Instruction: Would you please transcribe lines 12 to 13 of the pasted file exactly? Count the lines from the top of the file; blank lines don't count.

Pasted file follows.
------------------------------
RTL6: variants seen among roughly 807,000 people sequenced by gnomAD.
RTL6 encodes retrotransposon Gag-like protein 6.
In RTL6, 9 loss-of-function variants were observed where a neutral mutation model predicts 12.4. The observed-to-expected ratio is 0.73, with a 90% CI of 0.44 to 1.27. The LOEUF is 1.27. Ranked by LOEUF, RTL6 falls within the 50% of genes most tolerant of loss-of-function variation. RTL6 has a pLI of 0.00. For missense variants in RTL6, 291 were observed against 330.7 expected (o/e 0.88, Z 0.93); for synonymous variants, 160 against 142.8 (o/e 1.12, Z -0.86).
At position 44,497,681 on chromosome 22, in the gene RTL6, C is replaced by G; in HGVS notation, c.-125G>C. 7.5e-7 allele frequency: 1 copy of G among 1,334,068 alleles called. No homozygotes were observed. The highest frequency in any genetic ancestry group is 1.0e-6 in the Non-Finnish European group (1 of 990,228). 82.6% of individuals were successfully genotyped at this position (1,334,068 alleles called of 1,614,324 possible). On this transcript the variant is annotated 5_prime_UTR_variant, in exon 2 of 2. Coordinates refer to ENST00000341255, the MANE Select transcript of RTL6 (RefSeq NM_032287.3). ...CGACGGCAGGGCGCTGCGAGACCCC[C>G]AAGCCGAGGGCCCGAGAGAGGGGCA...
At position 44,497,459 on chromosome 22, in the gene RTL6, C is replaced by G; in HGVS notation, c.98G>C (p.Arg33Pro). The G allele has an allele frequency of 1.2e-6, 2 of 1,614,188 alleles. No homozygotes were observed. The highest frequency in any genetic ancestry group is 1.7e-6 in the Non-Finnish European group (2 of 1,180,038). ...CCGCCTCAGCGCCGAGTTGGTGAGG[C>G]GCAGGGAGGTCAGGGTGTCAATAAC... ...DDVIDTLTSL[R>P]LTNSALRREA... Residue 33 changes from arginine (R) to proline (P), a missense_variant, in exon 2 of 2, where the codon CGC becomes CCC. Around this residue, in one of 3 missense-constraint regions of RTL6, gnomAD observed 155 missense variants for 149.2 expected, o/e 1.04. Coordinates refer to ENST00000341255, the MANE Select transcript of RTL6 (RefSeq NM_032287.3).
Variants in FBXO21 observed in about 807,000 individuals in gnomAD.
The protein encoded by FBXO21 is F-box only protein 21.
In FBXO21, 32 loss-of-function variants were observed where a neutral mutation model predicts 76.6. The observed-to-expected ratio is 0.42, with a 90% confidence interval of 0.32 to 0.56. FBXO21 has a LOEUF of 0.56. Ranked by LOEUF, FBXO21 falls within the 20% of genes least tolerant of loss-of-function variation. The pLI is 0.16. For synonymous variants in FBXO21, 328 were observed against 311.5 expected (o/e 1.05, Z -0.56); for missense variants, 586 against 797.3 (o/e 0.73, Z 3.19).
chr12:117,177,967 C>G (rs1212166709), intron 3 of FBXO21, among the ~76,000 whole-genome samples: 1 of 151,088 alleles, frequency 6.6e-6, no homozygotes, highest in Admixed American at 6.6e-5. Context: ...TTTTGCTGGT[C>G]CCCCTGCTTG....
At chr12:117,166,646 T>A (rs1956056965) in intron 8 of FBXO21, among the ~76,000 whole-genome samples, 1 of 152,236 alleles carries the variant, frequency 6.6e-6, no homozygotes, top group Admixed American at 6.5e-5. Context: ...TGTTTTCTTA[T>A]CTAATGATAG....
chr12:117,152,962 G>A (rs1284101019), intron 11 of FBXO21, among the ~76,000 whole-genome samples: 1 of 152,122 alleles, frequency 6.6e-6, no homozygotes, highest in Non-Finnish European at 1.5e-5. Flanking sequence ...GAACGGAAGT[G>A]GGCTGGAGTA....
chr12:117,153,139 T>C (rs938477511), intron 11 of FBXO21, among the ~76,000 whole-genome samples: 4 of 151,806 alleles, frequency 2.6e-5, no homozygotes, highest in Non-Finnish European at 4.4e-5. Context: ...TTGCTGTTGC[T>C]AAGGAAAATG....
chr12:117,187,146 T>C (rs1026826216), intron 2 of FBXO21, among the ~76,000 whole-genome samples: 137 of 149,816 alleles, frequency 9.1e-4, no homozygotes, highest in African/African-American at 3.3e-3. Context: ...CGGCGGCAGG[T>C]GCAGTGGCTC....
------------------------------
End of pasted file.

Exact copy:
chr12:117,153,139 T>C (rs938477511), intron 11 of FBXO21, among the ~76,000 whole-genome samples: 4 of 151,806 alleles, frequency 2.6e-5, no homozygotes, highest in Non-Finnish European at 4.4e-5. Context: ...TTGCTGTTGC[T>C]AAGGAAAATG....
chr12:117,187,146 T>C (rs1026826216), intron 2 of FBXO21, among the ~76,000 whole-genome samples: 137 of 149,816 alleles, frequency 9.1e-4, no homozygotes, highest in African/African-American at 3.3e-3. Context: ...CGGCGGCAGG[T>C]GCAGTGGCTC....